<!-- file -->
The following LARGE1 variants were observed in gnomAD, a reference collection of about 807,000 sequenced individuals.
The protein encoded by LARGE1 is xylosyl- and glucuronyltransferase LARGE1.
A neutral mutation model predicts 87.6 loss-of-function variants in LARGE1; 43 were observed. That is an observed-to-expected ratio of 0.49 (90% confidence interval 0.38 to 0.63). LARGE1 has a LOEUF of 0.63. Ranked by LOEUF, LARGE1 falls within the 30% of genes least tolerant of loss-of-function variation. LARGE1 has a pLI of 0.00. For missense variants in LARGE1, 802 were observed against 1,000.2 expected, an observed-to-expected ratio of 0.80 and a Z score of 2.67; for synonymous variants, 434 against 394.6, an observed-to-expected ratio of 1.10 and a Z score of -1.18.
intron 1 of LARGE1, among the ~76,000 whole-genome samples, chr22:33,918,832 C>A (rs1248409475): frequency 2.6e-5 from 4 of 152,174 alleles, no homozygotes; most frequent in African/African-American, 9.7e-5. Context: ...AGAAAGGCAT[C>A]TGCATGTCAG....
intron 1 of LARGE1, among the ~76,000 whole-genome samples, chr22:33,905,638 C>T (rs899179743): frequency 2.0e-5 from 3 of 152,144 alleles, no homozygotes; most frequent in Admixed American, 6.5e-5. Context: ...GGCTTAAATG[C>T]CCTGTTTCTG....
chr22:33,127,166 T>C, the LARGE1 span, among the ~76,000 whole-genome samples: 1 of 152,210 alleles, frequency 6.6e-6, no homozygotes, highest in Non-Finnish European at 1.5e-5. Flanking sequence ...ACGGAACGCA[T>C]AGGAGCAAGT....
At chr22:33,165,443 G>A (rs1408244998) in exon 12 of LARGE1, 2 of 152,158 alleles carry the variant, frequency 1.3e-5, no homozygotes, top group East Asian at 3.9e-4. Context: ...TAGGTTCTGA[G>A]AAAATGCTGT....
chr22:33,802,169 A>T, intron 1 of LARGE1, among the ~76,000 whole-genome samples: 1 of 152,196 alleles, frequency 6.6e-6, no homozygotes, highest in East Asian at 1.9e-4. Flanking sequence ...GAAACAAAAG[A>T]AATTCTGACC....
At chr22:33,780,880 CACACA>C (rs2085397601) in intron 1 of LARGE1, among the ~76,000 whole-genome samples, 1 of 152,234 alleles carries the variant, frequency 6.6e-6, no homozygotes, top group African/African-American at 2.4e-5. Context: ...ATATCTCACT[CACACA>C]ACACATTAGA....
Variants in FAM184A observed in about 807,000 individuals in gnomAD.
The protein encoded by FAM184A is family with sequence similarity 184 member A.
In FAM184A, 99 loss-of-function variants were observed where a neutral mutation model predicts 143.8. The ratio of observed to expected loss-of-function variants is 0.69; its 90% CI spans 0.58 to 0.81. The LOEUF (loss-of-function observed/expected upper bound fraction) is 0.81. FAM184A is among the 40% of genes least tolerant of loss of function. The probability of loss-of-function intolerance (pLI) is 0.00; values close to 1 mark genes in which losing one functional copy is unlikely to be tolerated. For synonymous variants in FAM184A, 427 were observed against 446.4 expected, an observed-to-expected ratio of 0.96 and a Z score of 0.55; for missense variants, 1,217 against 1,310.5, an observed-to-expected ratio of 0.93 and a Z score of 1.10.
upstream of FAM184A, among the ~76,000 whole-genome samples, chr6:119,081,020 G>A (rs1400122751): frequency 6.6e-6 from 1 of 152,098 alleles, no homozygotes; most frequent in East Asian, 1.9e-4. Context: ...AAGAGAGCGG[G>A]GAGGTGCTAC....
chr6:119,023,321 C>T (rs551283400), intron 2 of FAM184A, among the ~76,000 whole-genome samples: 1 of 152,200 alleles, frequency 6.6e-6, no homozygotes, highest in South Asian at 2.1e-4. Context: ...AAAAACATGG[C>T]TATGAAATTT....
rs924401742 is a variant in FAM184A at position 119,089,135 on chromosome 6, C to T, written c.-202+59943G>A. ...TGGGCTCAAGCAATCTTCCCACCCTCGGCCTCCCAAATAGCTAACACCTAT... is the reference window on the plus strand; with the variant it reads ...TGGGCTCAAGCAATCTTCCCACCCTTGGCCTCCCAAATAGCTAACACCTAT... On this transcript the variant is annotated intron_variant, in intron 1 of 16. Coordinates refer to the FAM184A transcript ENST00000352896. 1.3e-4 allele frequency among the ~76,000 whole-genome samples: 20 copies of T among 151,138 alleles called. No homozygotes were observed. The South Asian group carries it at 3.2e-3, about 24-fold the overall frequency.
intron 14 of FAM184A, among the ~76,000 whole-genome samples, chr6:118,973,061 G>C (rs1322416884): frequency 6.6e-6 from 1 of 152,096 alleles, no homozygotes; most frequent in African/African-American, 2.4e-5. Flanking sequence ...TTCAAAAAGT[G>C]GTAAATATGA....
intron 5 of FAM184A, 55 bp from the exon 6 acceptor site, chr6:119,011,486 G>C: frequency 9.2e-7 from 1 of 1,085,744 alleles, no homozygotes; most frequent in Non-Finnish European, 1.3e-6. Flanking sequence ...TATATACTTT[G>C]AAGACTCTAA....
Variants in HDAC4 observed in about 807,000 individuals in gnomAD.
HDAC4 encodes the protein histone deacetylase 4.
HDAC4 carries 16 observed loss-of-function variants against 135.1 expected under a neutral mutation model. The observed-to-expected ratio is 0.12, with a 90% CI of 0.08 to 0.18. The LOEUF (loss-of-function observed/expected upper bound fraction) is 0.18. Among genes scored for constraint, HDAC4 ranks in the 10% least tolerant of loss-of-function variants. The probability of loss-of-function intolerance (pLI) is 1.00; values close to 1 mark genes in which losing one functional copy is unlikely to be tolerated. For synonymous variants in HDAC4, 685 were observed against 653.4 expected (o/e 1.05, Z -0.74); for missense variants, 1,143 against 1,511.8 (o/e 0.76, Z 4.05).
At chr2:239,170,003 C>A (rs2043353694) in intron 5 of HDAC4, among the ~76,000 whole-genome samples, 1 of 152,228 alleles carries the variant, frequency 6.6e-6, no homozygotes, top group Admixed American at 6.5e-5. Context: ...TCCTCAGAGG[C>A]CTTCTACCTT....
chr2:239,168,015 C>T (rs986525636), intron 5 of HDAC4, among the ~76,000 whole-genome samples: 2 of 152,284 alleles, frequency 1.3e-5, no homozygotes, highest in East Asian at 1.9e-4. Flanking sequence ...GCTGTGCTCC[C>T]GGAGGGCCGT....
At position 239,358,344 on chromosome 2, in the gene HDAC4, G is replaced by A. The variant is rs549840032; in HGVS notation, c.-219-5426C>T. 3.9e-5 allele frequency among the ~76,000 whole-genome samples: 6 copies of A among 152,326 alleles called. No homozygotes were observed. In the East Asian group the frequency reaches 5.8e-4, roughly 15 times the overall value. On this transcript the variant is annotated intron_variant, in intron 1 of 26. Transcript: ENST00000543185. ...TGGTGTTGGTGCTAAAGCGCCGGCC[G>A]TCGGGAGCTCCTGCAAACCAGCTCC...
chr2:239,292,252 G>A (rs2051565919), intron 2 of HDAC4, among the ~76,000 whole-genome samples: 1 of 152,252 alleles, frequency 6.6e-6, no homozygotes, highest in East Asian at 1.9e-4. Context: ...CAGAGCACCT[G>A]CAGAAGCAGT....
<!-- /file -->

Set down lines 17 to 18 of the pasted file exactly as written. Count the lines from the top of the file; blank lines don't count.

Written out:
intron 5 of FAM184A, 55 bp from the exon 6 acceptor site, chr6:119,011,486 G>C: frequency 9.2e-7 from 1 of 1,085,744 alleles, no homozygotes; most frequent in Non-Finnish European, 1.3e-6. Flanking sequence ...TATATACTTT[G>C]AAGACTCTAA....
Variants in HDAC4 observed in about 807,000 individuals in gnomAD.